Coarse Witchcraft – “a funny and clever book”

The Coarse Witchcraft Trilogy: introduced by Melusine Draco

I’ve often said that Coarse Witchcraft is like Marmite … you either love it or hate it.  Fans of the Coarse Witchcraft series are aware of the story behind the trilogy. How the authors were unhappy with the proposed ideas for publishing the first book as dark humour instead of the rather intense, polemic typescript they had originally submitted. They finally agreed for the text to be given to me (as a fellow Old Crafter) to ghost-write and Coarse Witchcraft: Craft Working was duly published – generally provoking more good natured laughter about British witchcraft at the time than we could have expected in our wildest dreams. Even esoteric author and long-time chum, Alan Richardson, said of the book: ‘Coarse Witchcraft made me laugh out loud in more than a few places. In fact, I think it is the first book of its kind; although it pokes fun at modern excesses and can laugh at itself, it still manages to teach the real stuff at a very high level.’

There was almost enough material left from the first book to launch a second: Coarse Witchcraft 2: Carry On Crafting, with plans for a third. It was dedicated to all those Crafters who believe that reverence should be tempered with mirth and merriment – and was as equally well received as the first. For reasons that will become apparent, the third (and last) title, Coarse Witchcraft 3: Cold Comfort Coven has been a long time in the writing. Despite the popularity of the first two books, the original authors decided to hand all copyright back to the ghost-writer who had created the series (if not the characters themselves), with the proviso that the real names of those people should never be revealed -and retire from the scene.

 Cold Comfort Coven is written in the same vein as the previous titles, and in its own way continues the unexpected, but true, story of the Coven from the numerous notes supplied by, and lengthy conversations with, the original members. In its own way, I think the Coarse Witchcraft Trilogy represents a small but important capsule of Craft history during the 1980s, 1990s and 2000s that we have been lucky enough to preserve for the next generations of witches. MD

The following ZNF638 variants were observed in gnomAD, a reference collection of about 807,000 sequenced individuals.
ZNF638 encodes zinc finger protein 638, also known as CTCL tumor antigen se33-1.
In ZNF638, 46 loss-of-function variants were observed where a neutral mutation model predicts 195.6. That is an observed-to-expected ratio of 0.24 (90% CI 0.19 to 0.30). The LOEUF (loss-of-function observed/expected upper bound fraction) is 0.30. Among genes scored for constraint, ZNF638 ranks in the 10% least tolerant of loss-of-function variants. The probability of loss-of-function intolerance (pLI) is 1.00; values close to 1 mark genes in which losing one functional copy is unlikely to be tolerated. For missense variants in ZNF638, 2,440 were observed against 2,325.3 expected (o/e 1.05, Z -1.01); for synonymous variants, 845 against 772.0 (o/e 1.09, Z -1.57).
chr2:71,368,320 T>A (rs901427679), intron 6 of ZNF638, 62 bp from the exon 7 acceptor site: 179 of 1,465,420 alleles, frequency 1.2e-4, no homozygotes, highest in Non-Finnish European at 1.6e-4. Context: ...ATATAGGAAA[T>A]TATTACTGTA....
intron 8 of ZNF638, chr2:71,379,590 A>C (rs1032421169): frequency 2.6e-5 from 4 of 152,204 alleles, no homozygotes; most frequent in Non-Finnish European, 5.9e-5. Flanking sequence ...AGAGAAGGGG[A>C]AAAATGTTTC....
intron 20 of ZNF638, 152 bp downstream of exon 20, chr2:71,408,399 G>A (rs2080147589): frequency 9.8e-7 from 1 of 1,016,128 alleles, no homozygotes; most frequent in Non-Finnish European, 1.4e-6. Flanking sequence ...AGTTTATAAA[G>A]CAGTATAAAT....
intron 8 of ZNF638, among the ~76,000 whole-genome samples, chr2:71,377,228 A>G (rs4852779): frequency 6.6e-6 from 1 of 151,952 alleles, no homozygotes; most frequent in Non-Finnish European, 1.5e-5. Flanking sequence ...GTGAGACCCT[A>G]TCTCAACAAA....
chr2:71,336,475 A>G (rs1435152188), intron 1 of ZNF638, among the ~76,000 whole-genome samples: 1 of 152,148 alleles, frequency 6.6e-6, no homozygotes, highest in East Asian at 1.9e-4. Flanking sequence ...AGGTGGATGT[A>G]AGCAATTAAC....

Extract from Coarse Witchcraft: Craft Working

St Thomas on the Poke is a small market town, as yet still unspoilt by the march of progress despite its close proximity to the south coast. And, despite an even closer proximity to the New Forest, the Coven lays no claim to any hereditary association with the legendary Dorothy Clutterbuck or the ‘New Forest Witches’. The Coven has been in existence for many years prior to the birth of its current members and will no doubt continue long after their deaths. Our family has farmed the land for centuries and, although that future can no longer be guaranteed, our branch of Old Craft will survive simply because we prefer to remain in the shadows and keep our teaching pure.

In spite of our ‘privacy’, our own small group is often beset with problems and difficulties of both a personal and magical nature, just the same as any other close grouping of people. Although head of the Coven, mine is not a blood-right. Three years after my mother’s death, father re-married; a year to the day his new wife was delivered of a son and promptly died. Some say the child was so ugly that the poor woman died of embarrassment. Be that as it may, as a result of this brief interlude, my father acquired a second son and a mother-in-law who was to be the bane of both his life and, subsequently, mine. Local people never understood why ’Squire (as my father was known) married Elizabeth Jay but I can now answer that question in all honesty, since it is no longer of importance. Like Jacquetta, the old Duchess of Bedford who snared Edward IV for her daughter, Granny Jay is a witch and, although she’s never actually admitted it, she used those powers to get Elizabeth into my father’s bed. In fact, Granny introduced most of the local children to the Old Ways (including my wife and myself), weeding out those who had a natural aptitude for careful nurturing when they came of reasonable age.

On my return from agricultural college following the unexpected death of my father, the old lady (whose personal habits and hygiene had always been questionable but now resembled those of an incontinent ferret) announced that I had been chosen to succeed the dead ‘Man’. Since Roger, my stepbrother, was of her blood, I felt the honour should go to him but Granny muttered that the boy was a moron who couldn’t find his own arse with a road map and a flash-light. She wasn’t, she added, having that sort of person messing up a hundred years of tradition. Despite her unprepossessing appearance, Granny was (and is still) not a force to be trifled with, as many of her neighbours have discovered to their cost. Mine was not to refuse.

Our Coven at present numbers the traditional thirteen although we have, in the past, had many more and often many less. Apart from my wife, Gabrielle, who serves as Dame and myself, there are our children, Richard and Philly, who are currently trekking around India during their gap year from university. (The Old Witch saw to it that they were introduced to the Old Ways at a very early age, even though I threatened to personally strangle her when I found out.) Guy and Gerry run the esoteric shop cum art gallery in the town centre and serve as our specialists in herb-lore. Priscilla and Adam at Bramble Cottage who, apart from keeping everyone supplied with honey and helping out with the livery stables, act as the Coven’s instructors. Then there’s Helena, our seer and diviner, whose jams and preserves are legendary within WI circles – but unlike Granny, hers is a tranquil madness.

Newcomers to the town, Madeleine and Robert were discovered like rare blossoms at a pub moot when Pris and Adam were forced to attend, due to Roger’s emergency hospitalization for haemorrhoids. (Granny unsympathetically observed that the doctors had obviously found a way to shut his mouth and give his arse a chance!) There’s Gordon, our stable ‘lad’ – an absolute marvel at animal healing and, finally, of course, there’s Granny herself.